After Josh Hamilton stole the show in the Home Run Derby last night (even though he didn’t actually win the trophy), we turn our attention to the actual All Star Game: the main course in this mid-season feast of baseball.
The great news is that Jonny, Josh and the rest of the Five team have been let out of the studio once again to bring the game to us live from the stadium. Jonny spoke to Mark Webster and Mike Carlson during the Sunday Night broadcast and he was clearly delighted to be in Manhattan. Much as they do a terrific job over the rest of the season from their London studio, having them in the stadium really adds to the experience for us British viewers and I’m sure it’s a real treat for them as well. Coverage begins at 01.05.
While Jonny and Josh will be filling the gaps between the innings, the actual game commentary will be courtesy of the standard MLB International feed. In recent years, this has meant enjoying the great broadcasting partnership of Dave O’Brien and Rick Sutcliffe. Just prior to this season, Sutcliffe was diagnosed with colon cancer and he is currently undergoing treatment that will hopefully see him beat the disease. I’m not sure whether ‘Sut’ will be part of the broadcast tonight, but let’s hope so.
While we await confirmation on the broadcasting lineup, the AL and NL teams were announced yesterday and a quick glimpse at the lineups can’t help but get you excited. Maybe you might disagree with one or two of the picks, but they definitely look like All Star lineups to me. Putting them up against each other on paper, I have to say that I slightly favour the National League team. The outfields are fairly even, as are the two catchers, but I would take Hanley Ramirez, Chase Utley and Lance Berkman over Jeter, Pedroia and Youkillis. Albert Pujols rates higher than Milton Bradley at DH, which only leaves A-Rod over Chipper Jones as the one infield spot where I would side with the AL.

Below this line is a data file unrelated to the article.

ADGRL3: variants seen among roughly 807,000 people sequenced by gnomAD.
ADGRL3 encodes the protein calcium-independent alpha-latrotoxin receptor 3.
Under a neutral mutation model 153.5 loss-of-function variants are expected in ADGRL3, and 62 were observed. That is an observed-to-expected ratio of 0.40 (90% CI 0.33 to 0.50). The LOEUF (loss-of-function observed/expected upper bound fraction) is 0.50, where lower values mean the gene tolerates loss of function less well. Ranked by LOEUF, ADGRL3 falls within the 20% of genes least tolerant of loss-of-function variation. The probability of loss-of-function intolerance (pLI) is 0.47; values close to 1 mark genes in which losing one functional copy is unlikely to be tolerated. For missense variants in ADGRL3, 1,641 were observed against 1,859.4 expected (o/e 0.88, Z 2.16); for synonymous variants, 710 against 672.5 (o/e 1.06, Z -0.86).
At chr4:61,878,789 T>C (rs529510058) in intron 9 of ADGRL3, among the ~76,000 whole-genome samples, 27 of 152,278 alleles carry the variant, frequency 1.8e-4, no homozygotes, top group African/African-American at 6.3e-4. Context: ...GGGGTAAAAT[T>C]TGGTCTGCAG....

The game’s not played on paper though and anyone placing a bet on this match would be hard pushed to look past the AL’s superiority over the last eleven contests. The NL has failed to beat their junior rivals during that span, with only the infamous 2002 tie saving them from the embarrassment of an eleven game losing streak (Bud Selig took the embarrassment instead for his inept handling of the situation, but let’s not depress ourselves by thinking about that again).
Ben Sheets and Cliff Lee will start. The turnaround in Lee’s career over the last twelve months has been incredible and this is a fitting way to cap off his return to form. Admittedly, the managers Terry Francona and Clint Hurdle didn’t necessarily pick Sheets and Lee because they thought they were the best two starters. Most of the other contenders pitched over the weekend and they have to respect the fact that keeping the pitchers healthy for the second half is more important than winning this game. It’s the first in a lengthy line of compromises that have to be struck with the mid-season classic.
Much as Selig has tried to make the result mean something by awarding the victor home field advantage in the World Series, the idea that ‘the game now counts’ can only be taken so far. The teams are waiting in the wings, publicly expressing how glad they are to be represented at the game and privately praying that their player doesn’t/players don’t get hurt. The managers also want to get as many players as possible into the action and that’s always going to hurt the flow of the game. When you bring sixty-six of the best players to an event, you can’t expect them to be overly happy if several are left watching on the sidelines. I don’t blame the managers for using as many of the players as possible, but personally I would reduce the roster sizes so that less in-game changes are made.
Anyway, while the players might not be killing themselves to win the game, they are all competitive athletes who want to put on a good show and, just as importantly, don’t want to screw up.
The All Star Game is an exhibition match, but there’s nothing wrong with that so long as we accept it for what it is. There are always a few memorable moments to enjoy and it should be a great event.